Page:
Why so serious?
It is a tragedy of our age that many of our young men and women are forgetting the simple pleasures of life. They start taking life too seriously, too soon. They climb aboard the roller coaster of corporate life early and are never able to descend it. For a career-obsessed individual, modern corporate life is nothing but a wasteland littered with broken dreams and desires, doomed relationships and sterile sex. That brilliant TV satire, Black Mirror, in recent times has delineated the anomie of post-modern life and the sometimes fatal addiction to technology.
Toni Erdmann, the German drama-comedy, is about a woman climbing the ladder of corporate success, yet descending to a stage where she has forgotten the simple pleasures of life. This year’s Oscar nominee, is about a woman always on phone, working on her body language to further ascend the corporate ladder. She never stops to enjoy the fruits of her success. Always in a hurry to seal deals that destroy other lives and livelihoods. She lives in an apartment that looks like any other young achiever’s bachelor pad anywhere. She is successful in her career. She has a sex buddy, whom she engages in bored and tired caresses. She asks her young man carbuncular to ejaculate on petit four. Yet she is lonely, bored like Travis Bickle (Taxi Driver) from another age or the women from Eliot’s The Wasteland’.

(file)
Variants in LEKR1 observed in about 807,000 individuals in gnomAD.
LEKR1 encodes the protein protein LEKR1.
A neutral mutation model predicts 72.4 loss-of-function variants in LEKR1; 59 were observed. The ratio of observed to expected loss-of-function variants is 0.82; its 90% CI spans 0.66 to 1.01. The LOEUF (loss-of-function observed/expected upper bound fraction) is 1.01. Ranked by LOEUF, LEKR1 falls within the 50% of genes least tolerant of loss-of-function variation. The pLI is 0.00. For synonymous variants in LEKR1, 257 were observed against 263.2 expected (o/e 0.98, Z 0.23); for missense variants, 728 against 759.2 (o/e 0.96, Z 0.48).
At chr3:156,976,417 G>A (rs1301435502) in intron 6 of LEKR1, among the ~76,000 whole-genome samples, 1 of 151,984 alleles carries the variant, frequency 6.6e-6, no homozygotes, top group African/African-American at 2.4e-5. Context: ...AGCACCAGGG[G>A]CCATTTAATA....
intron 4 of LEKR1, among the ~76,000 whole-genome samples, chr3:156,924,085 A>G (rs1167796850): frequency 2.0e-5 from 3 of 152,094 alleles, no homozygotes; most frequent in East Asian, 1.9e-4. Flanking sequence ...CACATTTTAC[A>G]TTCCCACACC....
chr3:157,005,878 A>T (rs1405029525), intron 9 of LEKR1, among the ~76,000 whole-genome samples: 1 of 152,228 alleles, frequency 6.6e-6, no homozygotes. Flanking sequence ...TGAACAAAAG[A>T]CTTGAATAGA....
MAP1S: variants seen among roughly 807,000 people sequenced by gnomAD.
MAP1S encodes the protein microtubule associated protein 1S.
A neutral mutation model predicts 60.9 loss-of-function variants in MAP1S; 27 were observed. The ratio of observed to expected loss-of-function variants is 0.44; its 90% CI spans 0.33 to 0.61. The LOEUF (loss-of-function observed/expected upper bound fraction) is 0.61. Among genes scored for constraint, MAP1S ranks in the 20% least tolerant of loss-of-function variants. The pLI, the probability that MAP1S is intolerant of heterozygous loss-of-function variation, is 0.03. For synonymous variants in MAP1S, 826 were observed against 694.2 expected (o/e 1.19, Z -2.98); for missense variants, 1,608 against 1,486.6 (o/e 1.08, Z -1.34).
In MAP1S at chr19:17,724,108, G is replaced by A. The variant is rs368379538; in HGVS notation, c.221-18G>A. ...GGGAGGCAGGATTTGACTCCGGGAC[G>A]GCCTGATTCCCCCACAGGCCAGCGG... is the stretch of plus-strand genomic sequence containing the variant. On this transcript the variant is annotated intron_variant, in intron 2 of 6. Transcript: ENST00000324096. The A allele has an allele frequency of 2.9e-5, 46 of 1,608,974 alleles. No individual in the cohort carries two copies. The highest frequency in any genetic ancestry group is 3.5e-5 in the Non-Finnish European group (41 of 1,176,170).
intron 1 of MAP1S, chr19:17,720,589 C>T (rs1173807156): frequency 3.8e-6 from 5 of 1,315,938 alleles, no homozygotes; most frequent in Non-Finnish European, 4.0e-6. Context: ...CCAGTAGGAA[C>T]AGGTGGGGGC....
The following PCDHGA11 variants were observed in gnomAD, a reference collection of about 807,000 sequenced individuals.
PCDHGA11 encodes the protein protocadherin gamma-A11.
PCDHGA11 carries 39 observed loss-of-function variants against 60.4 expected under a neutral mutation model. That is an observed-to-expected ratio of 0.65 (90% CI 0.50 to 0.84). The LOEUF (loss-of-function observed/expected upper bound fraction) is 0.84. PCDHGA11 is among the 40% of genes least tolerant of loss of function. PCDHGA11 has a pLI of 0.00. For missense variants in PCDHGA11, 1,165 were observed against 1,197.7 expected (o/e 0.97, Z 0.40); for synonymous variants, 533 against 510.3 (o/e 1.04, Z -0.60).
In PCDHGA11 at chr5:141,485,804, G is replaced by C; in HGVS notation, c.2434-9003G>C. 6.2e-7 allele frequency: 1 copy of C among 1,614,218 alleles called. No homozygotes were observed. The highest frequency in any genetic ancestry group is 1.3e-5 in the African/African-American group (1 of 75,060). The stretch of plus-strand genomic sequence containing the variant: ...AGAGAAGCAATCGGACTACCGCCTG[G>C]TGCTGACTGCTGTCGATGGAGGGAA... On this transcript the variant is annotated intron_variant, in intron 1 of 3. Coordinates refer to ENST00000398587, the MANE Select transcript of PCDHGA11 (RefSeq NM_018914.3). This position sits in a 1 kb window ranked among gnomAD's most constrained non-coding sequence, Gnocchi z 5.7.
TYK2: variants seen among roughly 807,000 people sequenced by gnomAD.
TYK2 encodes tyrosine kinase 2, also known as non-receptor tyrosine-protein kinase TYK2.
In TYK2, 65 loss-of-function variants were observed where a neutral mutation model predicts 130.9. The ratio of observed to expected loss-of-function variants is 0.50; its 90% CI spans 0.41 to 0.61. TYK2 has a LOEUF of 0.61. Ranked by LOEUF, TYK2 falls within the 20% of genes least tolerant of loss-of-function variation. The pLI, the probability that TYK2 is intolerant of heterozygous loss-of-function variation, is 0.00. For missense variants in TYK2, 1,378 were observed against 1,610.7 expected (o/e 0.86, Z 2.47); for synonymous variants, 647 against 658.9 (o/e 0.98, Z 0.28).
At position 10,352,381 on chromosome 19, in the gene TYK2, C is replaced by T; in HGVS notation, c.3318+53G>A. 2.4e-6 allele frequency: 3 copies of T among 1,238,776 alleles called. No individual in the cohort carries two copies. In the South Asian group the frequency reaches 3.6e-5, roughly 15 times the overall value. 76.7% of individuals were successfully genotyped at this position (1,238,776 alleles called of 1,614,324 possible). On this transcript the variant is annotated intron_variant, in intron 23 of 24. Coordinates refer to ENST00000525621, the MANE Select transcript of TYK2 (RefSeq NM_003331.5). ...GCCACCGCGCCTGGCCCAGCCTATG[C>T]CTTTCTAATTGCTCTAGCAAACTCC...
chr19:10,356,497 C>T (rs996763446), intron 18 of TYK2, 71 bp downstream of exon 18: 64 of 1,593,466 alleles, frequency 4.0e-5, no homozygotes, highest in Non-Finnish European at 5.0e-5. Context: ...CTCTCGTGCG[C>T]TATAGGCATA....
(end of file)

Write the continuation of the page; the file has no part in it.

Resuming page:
Her father is an old man with no lofty ambitions. He lives, perhaps, to play innocent pranks and make people laugh. He keeps a pair of dentures in his shirt’s pocket to pull out whenever he feels that the normal people around him have begun to take life too seriously. It’s his job to lighten up life for the young and the restless. When his dog dies, the old man wanders into that city where his daughter lives in a sterile, modern apartment. Once upon a time they were close and her father was her favorite clown. Now she is a grownup lady, and her father remains a child. He presents her a cheese grater, a family tradition. She is embarrassed by her father’s unpredictability. He gatecrashes her life, and her office as a man in a grotesque wig, fake teeth and carrying a fart cushion. He is now Toni Erdmann, his alter ego, the fun persona. He shows to her that life is something that happens when we are making other plans. The detours we take from the straight highway of life make our lives worth living.
The movie is surreal at times. The impromptu naked party sequence is something from the cinema of Luis Bunuel. The giant hairy birthday gift sequence will bring a lump in the throat of the people hardened by the city life. The Whitney Houston song scene showcases the change brought about in the woman by her father.
The movie is not for everyone. Its length is daunting, pace is languid, humour is subtle. It is well acted, nicely written though. Both the actors, Peter Simonischek and Sandra Huller, are unknown faces for majority of the cine buffs. They bring the characters alive with all their flaws and eccentricities. It is written and directed by the young and talented Maren Ade. This is certainly good cinema, but one day she will make a truly great movie.
Why so serious? Lighten up, is the message that she gives.
(This is the first review in a series of movie reviews of this year’s Oscar Nominees.)